| NEW YORK
NEW YORK Dec 24 Exactly four years after suing
Citigroup Inc for allegedly defrauding him into buying
music company EMI Group Ltd, British financier Guy
Hands said the bank has no grounds now to deprive him of his day
in a U.S. court.
Hands' private equity firm, Terra Firma Capital Partners,
said in a filing in U.S. District Court in Manhattan on Monday
night that its decision to pursue fraud claims in the United
States and England, which Citigroup called "legal tourism," did
not justify dismissal of the U.S. case.
EMI's catalog has included artists like the Beatles, David
Bowie, Coldplay, David Guetta, Norah Jones, Kylie Minogue, Katy
Perry, Pink Floyd, Snoop Dogg and Tina Turner.
Terra Firma said the U.K. claims concern different events
and parties than the U.S. case and were pursued because of a
looming filing deadline over its 4 billion pound (now US$6.5
billion) purchase of EMI in 2007.
It said that with millions of dollars already spent,
thousands of hours of legal bills incurred, depositions done,
exhibits exchanged and hotels reserved, the third-largest U.S.
bank should head back to U.S. District Judge Jed Rakoff's
courtroom as scheduled for a July 7, 2014 trial.
"The relief sought by Citi is a punitive sanction that would
deprive Terra Firma of its day in court. Such a result would be
unjust and unnecessary," wrote Terra Firma's lawyer David Boies,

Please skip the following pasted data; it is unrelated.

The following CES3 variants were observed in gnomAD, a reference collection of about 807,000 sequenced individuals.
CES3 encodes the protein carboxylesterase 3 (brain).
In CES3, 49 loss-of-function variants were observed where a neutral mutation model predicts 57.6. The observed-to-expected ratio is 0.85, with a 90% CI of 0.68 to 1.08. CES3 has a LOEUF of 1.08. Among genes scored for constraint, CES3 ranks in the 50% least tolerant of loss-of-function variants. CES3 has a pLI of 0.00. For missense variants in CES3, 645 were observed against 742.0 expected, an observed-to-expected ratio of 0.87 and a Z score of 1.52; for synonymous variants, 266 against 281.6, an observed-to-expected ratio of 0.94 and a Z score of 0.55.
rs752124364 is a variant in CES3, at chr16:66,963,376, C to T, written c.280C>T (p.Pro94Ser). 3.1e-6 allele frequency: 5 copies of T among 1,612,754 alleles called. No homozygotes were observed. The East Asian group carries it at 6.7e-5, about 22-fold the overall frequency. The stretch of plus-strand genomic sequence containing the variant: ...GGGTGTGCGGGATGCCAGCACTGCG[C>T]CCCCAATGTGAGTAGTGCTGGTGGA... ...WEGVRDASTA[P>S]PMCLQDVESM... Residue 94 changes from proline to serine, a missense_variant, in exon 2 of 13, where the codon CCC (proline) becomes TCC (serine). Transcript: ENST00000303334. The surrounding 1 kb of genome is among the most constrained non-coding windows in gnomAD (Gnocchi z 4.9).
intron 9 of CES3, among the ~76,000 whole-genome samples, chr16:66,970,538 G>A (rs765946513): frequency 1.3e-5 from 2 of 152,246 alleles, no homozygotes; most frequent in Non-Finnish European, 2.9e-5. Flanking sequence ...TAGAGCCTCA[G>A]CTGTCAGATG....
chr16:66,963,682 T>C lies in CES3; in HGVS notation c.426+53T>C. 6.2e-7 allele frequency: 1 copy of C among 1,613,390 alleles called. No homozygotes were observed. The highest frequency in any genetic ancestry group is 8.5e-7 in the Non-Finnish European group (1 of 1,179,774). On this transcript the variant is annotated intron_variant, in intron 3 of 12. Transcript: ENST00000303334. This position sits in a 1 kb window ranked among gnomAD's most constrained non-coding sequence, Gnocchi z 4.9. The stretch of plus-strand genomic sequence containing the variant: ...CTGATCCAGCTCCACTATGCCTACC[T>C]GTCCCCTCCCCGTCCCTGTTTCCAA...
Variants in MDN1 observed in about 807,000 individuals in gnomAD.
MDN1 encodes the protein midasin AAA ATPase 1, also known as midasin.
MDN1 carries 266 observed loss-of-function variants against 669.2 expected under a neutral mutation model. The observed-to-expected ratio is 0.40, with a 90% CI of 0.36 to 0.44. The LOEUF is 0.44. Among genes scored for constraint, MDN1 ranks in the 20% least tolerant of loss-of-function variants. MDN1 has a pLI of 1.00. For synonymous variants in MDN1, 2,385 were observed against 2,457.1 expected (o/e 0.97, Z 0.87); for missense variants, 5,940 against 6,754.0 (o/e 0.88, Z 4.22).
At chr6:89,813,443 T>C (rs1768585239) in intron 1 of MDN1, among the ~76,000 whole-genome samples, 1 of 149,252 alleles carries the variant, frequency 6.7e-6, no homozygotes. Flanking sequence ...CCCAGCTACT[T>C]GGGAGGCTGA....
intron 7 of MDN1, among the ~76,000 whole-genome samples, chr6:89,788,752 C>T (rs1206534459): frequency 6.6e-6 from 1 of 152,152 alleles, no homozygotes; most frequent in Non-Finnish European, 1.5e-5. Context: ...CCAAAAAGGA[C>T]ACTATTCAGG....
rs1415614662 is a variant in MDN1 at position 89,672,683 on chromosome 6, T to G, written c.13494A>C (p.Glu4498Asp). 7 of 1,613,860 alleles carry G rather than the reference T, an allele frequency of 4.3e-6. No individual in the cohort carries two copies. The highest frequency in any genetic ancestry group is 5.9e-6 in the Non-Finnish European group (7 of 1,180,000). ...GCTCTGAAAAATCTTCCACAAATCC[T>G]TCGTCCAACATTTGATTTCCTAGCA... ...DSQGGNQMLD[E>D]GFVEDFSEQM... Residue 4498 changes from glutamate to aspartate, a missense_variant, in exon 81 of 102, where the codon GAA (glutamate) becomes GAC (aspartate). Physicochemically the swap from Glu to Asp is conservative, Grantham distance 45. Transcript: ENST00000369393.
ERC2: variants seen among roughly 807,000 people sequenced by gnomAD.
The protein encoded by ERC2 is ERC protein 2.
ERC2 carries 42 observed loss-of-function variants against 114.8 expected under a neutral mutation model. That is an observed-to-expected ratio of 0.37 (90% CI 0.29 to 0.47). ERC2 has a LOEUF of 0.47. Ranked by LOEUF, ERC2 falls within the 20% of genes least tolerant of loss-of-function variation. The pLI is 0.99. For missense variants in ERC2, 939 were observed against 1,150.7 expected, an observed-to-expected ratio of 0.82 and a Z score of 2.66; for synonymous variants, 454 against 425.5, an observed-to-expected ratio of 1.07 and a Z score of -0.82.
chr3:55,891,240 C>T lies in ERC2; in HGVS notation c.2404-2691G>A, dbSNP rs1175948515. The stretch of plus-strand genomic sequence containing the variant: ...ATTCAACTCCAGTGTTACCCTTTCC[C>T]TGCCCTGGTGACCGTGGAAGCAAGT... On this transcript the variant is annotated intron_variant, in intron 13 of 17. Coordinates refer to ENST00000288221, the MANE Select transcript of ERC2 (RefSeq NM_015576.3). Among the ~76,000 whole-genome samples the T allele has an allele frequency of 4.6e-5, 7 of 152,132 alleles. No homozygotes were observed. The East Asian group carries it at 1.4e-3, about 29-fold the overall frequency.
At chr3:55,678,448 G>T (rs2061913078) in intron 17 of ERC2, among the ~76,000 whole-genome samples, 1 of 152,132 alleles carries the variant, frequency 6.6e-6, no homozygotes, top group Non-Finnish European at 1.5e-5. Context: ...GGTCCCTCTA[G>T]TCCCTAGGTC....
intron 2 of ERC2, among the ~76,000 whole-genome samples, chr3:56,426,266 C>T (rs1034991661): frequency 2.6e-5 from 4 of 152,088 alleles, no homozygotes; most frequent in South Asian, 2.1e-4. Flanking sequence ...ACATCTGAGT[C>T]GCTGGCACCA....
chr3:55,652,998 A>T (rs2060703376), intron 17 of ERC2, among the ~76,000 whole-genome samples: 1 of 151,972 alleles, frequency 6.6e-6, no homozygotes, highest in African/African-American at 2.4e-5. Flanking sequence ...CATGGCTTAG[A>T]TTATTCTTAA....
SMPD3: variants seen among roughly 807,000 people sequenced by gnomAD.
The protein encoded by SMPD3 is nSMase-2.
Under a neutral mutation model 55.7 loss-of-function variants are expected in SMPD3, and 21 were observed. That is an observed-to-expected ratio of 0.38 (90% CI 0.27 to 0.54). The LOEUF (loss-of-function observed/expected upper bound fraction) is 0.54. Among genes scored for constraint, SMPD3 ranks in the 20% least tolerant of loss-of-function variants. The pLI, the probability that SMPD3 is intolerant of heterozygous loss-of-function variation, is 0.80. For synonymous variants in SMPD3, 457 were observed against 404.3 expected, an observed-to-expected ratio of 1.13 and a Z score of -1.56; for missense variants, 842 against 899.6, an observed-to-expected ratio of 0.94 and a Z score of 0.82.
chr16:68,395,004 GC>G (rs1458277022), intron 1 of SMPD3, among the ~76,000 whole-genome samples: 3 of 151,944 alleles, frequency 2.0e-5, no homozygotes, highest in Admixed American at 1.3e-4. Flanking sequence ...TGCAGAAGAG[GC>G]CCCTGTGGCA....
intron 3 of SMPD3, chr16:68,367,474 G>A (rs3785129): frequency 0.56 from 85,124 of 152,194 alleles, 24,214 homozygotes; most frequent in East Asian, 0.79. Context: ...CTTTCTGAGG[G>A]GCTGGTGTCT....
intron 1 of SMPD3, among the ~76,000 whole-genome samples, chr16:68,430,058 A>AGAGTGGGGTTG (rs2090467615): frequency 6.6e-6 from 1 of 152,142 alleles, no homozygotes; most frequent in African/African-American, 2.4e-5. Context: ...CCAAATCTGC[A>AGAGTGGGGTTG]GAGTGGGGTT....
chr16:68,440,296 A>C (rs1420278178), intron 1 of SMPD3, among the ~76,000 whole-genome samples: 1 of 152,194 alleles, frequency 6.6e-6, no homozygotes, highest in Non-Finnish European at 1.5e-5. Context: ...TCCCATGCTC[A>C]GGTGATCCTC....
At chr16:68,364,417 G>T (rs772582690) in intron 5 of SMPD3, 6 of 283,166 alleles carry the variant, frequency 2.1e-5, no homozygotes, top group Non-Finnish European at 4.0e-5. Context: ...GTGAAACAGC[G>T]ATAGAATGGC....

a partner at Boies, Schiller & Flexner.
"Citi, one of the wealthiest and most powerful institutions
on the planet, will surely protect itself... when it puts forth
its defenses in the English courts," he added.
A new trial was scheduled after the 2nd U.S. Circuit Court
of Appeals in Manhattan voided a November 2010 verdict against
Terra Firma, which sought $2 billion in damages, saying Rakoff
instructed jurors improperly on the governing English law.
Hands claims that a Citigroup banker induced him to overpay
for EMI at the height of the buyout bubble by falsely telling
him that a high bid was needed to top a rival bidder.
After Terra Firma defaulted on some loans, Citigroup seized
EMI and sold it in pieces. The bank has denied wrongdoing and
argued that Hands sued because of buyer's remorse.
Citigroup on Tuesday called Terra Firma's actions "a
desperate attempt to get a different result. Its new claims are
as meritless as its original case, which a jury swiftly
rejected. Citi expects to prevail on the merits in any dispute
with Terra Firma concerning EMI, regardless of jurisdiction."
The case is Terra Firma Investments (GP) 2 Ltd et al v.
Citigroup Inc et al, U.S. District Court, Southern District of
New York, No. 09-10459.